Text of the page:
Wind gusts reach 40kts on route to Ribadeo

No I'm not sinking

It should have been an easy 40 miles to Ribadeo from Cudillero. It certainly started out as an effortless motor-sail, but I should have known better than to completely trust weather forecasts.

With just 9 miles to go the wind made a surprise shift to the southwest and brought gusts averaging between 30 and 40 knots!

Luckily I had just finished tying a third reef in the mainsail to facilitate hauling in my catch of the day (a rather large bonito).

My friends in Avel Vat (which I’m told means fair winds in the Breton language) had motored ahead while I was busy playing psychotic killer with my fish.

Fish soup anyone?

Seeing that I was no longer making significant headway, they turned back to check if I was in some kind of trouble. Admittedly I was up to my elbows in blood and intestines at the time but other than that I was doing just fine. So long as none of the blood is mine I’m happy enough.

I feel much obliged by Frederic’s obvious concern, but he needn’t have been worried. I was having the time of my life! I held up my trophy to show why I’d fallen behind before plowing dutifully onward through an increasingly agitated sea.

Frederic took the following video of Eileen (or Eilen as he calls her) as we motored on into the wind at a pitiful 2 knots.

Eileen of Avoca in Biscay

Bedraggled and cold, we finally reached our destination. It certainly wasn’t easy. Who would have thought it could take nearly 5 hours to travel just 9 miles.

Safely moored, I quickly set about cooking my prize catch and before long an impromptu ‘bonito’ feast was prepared to celebrate our arrival.

Real sailors sew!

In port it was time to relax and catch up on some odd jobs. Frederic and I set about playing harbour haberdasher, while Vivien busied himself with conquering the world on his Nintendo DS.

Vivien is in there somewhere

There wasn’t much time to play tourist, but I did manage to take a few photos of my stay in Ribadeo. Enjoy!

Ribadeo marina

The marina is not as sheltered as it looks. Eileen has been violently tugging at her warps for days as the surge works its way around the breakwater.

The eyesore of Ribadeo

Not only is it ugly but it smells too! I’d have expected to see dozens of would be rock climbers doing their thing all over this elevator. Instead it seems to be used by local drunks emptying their thing all over it. phew!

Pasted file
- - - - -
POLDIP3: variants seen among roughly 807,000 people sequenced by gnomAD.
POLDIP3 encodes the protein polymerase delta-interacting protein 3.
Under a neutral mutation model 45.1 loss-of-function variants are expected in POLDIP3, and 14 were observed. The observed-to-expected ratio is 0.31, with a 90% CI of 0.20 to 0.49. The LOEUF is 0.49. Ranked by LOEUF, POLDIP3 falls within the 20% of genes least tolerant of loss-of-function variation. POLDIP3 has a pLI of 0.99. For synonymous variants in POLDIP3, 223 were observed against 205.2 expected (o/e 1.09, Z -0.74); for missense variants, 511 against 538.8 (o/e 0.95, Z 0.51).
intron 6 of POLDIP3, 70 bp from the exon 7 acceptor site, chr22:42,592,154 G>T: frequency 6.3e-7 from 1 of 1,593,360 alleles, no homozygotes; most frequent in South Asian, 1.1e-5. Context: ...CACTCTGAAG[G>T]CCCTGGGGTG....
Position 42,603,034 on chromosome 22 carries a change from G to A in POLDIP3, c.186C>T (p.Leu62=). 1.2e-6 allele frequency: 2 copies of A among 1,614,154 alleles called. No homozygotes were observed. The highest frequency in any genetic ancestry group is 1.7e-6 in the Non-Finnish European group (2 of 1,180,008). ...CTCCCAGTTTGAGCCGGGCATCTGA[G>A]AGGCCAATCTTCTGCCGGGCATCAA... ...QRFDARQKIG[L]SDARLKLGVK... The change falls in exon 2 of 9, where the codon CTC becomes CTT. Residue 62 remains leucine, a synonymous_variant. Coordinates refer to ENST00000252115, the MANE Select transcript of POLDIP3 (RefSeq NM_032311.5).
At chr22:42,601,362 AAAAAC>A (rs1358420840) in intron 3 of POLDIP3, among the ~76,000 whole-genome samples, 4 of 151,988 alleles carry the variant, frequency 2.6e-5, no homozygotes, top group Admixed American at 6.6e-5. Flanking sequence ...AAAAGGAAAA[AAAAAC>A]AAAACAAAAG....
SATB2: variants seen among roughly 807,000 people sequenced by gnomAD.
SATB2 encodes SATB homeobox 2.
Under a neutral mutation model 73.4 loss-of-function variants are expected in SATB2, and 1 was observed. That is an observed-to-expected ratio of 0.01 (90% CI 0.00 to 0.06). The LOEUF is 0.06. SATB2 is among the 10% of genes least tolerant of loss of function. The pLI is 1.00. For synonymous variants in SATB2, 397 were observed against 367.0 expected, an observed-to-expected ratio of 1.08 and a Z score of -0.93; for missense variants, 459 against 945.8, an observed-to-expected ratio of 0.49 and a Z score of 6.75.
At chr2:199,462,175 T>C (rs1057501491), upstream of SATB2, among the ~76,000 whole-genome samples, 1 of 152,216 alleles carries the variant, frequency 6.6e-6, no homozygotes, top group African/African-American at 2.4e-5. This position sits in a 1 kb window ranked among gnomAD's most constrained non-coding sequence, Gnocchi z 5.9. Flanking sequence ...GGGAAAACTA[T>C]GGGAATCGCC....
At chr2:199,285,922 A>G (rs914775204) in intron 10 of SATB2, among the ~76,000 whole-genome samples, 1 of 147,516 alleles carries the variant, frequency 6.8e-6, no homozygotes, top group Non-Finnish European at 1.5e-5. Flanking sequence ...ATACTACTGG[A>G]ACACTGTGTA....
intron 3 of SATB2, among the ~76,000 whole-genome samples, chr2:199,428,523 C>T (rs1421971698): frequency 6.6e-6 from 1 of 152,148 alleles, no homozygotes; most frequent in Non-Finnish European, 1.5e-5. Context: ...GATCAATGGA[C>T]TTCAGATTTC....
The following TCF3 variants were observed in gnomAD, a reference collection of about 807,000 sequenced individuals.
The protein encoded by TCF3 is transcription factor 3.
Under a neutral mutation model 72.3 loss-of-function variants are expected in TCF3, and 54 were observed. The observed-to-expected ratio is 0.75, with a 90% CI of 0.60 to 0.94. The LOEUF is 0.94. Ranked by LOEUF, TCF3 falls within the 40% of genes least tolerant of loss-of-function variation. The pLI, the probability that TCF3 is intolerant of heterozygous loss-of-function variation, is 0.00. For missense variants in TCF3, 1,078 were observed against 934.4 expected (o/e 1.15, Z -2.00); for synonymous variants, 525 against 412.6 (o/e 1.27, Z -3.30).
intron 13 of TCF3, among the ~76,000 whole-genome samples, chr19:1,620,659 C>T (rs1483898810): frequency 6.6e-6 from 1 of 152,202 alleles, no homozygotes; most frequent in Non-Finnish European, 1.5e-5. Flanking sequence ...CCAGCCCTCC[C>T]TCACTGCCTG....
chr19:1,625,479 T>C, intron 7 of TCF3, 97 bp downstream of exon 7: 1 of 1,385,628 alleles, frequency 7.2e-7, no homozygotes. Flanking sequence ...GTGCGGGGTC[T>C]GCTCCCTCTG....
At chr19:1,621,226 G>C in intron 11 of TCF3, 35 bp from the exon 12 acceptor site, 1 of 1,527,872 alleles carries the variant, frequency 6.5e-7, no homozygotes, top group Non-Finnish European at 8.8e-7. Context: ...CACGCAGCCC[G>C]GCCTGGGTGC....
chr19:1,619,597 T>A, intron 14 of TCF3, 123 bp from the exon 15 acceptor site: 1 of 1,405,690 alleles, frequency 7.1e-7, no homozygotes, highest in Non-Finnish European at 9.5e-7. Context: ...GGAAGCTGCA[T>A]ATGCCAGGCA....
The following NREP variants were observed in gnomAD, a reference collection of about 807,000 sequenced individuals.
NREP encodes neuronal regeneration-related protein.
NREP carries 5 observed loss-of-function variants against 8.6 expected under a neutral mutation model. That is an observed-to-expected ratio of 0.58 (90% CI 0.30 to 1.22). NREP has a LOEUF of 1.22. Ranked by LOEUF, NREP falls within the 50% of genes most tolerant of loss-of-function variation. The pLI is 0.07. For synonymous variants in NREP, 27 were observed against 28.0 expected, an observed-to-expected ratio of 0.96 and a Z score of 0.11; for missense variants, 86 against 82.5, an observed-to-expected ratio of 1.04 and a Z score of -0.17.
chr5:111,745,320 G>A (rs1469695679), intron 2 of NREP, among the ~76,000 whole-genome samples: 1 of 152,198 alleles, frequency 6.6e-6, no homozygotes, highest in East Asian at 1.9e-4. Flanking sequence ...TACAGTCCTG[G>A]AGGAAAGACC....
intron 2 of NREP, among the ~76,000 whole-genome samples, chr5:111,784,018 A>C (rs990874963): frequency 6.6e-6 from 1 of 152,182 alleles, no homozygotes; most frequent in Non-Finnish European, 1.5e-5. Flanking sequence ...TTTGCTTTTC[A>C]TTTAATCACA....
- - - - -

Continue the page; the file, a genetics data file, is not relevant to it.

Ribadeo town center

But it’s pretty enough in town though surprisingly uninhabited. Only one in three houses seems to have anyone living in it. See for yourself!

Empty houses in Ribadeo

I should have sailed to La Coruna when I had the chance!

Leaving Gijon and following Avel Vat

After a one night stopover in Gijon, refueled and resupplied, Eileen and Avel Vat were getting along so well that we decided to tackle the next westward leg together and set our sights on reaching Ribadeo.

Unfortunately we didn’t make it.

By 2am the wind made a 180 degree about face and forced us into the small fishing village of Cudillero. With the weather deteriorating rapidly it now looks as though we will be taking up permanent residency status here.

The main square in Cudillero

On the plus side, it’s a free port! Stay as long as you like, no mooring fees in this picturesque and perfectly sheltered fishing village. Sailors heaven!

Mind you, there was some initial confusion when a port official came to chase us off the private pontoons. Apparently we were supposed to use the visitors buoys.

How you distinguish between a private or visitors buoy still remains a closely guarded local secret, but once we had moved to our designated moorings the officials demeanor markedly improved. Without an exaggerated stretch of the imagination, he might even qualify as friendly.

We are now off to savor the towns delights…